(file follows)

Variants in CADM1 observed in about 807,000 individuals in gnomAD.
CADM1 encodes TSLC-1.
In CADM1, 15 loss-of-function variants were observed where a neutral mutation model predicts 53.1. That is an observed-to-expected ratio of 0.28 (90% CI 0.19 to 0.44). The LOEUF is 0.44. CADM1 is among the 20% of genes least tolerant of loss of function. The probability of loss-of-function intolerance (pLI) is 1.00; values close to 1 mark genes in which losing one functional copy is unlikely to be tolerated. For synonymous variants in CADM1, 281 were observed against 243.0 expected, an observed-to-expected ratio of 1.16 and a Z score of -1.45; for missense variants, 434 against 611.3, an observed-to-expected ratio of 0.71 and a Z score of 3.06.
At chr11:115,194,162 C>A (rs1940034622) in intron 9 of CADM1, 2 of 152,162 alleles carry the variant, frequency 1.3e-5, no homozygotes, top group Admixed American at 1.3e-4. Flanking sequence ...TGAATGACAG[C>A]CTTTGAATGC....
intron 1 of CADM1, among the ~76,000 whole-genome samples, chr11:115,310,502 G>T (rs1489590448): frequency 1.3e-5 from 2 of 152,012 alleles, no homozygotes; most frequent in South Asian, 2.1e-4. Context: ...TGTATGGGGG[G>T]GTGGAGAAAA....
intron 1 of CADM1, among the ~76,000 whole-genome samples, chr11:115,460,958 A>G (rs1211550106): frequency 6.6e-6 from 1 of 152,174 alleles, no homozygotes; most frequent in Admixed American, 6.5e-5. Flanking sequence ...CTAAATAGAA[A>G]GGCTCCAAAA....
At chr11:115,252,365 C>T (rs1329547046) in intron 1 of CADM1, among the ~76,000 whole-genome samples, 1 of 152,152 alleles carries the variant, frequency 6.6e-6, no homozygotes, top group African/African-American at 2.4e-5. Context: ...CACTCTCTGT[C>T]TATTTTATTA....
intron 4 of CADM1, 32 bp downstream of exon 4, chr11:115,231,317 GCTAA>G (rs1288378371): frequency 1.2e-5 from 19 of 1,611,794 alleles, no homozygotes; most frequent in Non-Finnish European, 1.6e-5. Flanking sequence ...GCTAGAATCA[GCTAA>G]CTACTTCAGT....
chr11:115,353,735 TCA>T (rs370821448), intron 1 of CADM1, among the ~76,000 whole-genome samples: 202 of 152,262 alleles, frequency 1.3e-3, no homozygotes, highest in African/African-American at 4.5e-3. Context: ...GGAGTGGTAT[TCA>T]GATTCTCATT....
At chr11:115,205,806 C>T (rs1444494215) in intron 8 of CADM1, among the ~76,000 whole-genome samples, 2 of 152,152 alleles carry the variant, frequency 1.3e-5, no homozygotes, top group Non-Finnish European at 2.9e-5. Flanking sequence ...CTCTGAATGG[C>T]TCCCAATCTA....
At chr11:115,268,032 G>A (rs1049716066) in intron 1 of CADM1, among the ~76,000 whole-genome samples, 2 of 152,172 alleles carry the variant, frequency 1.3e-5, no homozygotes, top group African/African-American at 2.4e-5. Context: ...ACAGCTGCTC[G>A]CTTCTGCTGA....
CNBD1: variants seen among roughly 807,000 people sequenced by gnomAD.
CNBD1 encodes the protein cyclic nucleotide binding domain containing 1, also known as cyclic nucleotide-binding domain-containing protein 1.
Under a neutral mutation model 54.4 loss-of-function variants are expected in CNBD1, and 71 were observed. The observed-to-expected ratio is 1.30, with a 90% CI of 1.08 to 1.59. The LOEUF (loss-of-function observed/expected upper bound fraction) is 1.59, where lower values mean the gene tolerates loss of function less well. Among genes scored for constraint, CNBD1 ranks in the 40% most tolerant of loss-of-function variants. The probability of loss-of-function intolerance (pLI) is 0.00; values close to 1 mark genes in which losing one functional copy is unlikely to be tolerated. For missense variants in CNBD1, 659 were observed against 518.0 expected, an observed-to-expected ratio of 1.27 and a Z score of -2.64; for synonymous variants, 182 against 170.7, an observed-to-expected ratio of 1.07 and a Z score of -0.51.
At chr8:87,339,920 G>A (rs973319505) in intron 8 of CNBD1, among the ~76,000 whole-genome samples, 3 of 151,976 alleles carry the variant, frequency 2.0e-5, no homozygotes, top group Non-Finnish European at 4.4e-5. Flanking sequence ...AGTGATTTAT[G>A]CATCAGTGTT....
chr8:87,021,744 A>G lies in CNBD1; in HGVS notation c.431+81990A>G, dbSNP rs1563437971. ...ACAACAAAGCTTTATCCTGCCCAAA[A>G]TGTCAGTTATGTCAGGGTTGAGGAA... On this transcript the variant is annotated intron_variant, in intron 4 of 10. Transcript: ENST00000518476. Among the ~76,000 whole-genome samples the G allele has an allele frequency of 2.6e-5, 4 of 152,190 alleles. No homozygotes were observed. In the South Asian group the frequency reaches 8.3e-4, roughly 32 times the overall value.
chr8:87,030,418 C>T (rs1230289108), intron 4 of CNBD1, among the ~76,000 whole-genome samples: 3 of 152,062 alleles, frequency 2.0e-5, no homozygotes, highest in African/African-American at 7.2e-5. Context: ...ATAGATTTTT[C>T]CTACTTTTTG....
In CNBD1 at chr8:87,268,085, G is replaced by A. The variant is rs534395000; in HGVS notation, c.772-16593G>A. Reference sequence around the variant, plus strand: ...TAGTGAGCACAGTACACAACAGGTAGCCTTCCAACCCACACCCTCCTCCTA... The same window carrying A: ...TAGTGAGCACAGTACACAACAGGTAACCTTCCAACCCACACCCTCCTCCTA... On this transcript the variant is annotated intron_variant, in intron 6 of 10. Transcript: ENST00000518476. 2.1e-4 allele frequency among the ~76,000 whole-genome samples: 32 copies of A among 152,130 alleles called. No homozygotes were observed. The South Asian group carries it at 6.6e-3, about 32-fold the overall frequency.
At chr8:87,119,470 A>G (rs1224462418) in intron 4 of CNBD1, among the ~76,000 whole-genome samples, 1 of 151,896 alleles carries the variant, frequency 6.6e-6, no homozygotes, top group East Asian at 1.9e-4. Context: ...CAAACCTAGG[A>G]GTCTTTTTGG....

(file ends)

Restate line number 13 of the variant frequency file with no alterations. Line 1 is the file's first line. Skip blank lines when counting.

CNBD1 encodes the protein cyclic nucleotide binding domain containing 1, also known as cyclic nucleotide-binding domain-containing protein 1.